I absolutely and utterly love Punch-Drunk Love
and I am a fan of Adam Sandler films. What can I say? His films make me laugh and that's good enough for me. It was only a few years ago that my my then house mates and I would watch one or two Adam Sandler films a week (I'd love to see people recoiling in horror from the computer screens at this statement).
As I've mentioned on other threads, I think Paul Thomas Anderson is a great director and writer whose films are mainly concerned with humans and their very complicated relationships. He manages to make stunning visual and audio journeys out of these well-trodden themes and Punch-Drunk Love
differs somewhat from his other films.
This film feels like much more of an arthouse indie flick than his other sprawling Altmanesque excursions and he took a sort of risk casting Sandler as his lead, but I think it pays off brilliantly and I also think that it's a shame that Emily Watson's excellent performance is overlooked (and Philip Seymour Hoffman's brief, but hilarious turn).
Barry's naivety and inability to express himself emotionally, which results in his violent tantrums is a trope that Anderson explores to its fullest and I for one couldn't help but like Barry for all of his apparent weirdness. I mean it's his oddness and gullibility that help catch his true love and create the foundations for numerous hilarious situations throughout the film.
The actual love story is a real beauty for me too with all the ups and downs that one hopes from a romance, but with added surreality and often jarring emotional situations: why whisper sweet nothings when you can whisper violent threats to your lover? Barry's and Lena's love for each other is really palpable and I felt fully entangled in their crazy yet sweet romance (a bit like Clarence and Alabama in True Romance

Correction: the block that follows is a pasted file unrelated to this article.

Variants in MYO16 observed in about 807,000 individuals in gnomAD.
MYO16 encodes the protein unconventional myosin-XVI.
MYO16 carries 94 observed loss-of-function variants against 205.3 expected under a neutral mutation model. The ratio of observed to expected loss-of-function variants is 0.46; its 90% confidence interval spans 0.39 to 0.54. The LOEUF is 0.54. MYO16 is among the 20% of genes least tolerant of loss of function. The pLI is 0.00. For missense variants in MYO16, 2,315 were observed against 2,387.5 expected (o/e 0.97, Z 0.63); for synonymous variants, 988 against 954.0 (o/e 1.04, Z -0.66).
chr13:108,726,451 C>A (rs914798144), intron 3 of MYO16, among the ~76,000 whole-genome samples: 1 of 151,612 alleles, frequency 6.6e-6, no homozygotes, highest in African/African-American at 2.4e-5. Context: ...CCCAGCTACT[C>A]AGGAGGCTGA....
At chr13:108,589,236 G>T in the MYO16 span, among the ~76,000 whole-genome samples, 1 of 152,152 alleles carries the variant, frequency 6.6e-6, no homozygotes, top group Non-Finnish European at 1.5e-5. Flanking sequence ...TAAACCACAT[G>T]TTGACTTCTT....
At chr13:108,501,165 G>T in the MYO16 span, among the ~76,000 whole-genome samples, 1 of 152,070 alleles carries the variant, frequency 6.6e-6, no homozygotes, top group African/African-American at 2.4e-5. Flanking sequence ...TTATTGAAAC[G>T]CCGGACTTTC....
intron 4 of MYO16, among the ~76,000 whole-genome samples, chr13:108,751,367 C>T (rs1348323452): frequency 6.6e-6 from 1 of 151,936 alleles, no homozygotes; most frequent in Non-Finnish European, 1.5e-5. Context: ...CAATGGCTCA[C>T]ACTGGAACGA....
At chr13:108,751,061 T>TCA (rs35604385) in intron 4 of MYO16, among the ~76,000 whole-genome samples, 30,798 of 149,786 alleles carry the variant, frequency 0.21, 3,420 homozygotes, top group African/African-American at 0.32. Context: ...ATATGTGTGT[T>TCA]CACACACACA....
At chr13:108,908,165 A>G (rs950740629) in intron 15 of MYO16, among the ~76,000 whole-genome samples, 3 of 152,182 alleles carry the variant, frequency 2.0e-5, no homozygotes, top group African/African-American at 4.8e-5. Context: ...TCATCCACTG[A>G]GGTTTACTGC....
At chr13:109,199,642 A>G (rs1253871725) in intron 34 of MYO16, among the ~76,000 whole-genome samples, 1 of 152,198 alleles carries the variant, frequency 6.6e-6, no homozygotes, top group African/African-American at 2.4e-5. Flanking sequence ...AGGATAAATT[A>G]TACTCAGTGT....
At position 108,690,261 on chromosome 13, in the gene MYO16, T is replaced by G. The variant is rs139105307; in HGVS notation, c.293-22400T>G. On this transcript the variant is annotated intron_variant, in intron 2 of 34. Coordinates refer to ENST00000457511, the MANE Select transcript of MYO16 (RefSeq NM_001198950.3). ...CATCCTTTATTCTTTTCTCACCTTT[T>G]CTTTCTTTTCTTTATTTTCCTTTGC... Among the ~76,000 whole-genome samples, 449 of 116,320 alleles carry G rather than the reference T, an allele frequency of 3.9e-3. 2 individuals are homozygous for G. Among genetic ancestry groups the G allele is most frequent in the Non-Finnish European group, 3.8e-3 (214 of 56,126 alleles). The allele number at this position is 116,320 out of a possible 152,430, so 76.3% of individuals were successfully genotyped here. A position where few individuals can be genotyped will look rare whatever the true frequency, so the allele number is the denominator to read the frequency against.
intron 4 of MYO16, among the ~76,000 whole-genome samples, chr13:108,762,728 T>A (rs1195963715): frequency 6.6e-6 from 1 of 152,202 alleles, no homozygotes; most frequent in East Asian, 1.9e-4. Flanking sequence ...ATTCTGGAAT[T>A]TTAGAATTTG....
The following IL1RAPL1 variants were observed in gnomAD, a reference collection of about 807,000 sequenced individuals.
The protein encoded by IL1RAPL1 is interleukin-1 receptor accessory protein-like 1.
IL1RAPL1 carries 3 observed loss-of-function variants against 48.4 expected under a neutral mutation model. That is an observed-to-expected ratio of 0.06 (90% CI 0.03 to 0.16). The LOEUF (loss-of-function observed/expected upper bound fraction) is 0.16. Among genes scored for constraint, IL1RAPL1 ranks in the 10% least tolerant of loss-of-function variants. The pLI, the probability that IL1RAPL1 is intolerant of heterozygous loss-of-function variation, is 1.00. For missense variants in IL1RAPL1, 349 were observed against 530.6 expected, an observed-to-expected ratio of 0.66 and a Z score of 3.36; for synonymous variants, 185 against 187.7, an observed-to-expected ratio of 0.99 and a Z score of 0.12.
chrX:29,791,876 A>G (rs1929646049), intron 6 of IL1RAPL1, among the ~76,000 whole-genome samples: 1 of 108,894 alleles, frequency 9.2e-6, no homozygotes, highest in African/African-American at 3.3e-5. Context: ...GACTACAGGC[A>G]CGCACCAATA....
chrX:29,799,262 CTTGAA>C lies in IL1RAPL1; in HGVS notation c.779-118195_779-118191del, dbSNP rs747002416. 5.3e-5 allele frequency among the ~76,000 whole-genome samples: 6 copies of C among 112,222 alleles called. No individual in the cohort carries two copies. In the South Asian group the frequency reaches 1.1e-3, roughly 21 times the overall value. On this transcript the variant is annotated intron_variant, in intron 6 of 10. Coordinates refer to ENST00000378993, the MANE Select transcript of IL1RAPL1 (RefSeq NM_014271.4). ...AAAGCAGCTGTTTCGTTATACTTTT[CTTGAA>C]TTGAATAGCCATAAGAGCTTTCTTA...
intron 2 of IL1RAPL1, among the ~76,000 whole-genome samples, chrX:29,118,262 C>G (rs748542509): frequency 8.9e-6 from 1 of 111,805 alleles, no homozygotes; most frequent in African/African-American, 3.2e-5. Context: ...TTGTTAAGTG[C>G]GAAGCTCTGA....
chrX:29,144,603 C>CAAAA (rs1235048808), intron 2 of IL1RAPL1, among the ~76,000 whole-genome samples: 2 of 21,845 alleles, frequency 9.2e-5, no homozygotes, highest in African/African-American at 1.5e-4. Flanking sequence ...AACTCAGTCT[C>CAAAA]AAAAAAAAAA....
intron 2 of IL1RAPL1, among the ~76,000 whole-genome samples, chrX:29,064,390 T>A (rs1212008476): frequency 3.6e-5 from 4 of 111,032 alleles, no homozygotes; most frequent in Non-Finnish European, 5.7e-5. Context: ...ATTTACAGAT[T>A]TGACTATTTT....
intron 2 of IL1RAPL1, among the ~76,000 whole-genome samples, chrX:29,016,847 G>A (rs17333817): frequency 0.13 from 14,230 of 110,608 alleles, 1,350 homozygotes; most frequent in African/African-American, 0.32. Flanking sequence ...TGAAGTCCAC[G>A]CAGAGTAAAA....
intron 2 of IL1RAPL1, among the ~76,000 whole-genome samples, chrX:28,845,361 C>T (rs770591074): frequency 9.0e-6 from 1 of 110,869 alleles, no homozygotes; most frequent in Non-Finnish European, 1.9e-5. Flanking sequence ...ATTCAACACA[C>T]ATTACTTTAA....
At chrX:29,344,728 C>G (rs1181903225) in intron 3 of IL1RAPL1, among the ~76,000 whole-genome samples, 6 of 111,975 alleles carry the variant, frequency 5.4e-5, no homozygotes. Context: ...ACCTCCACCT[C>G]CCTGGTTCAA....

The use of the Olive Oil 'He Loves Me' song from Altman's Popeye
is a lovely touch as well, with Shelly Long's gentle warble adding a comic, but wistful element.
In fact Jon Brion's score is one of my all time favourite's in particular the segment where it doesn't let up for 10 mins with loads of crazy machine-like whirrs and bleeps and off percussion sounds - wonderfully delirious.
Finally the visual look of the film is magnificent, it's all about the manipulation of contrast and brightness and if you read the DVD sleeve notes it says:Notes for enjoyment:
Get Barry's suit blue, blue, blue. Don't be shy.
Get Barry's shirt white. Don't be afraid to let it bloom a bit.
Turn up the contrast. Make sure your blacks are black and listen to loud
These really do make a phenomenal difference, but if you don't like it then you don't like it I suppose.
I'm going to watch it again right now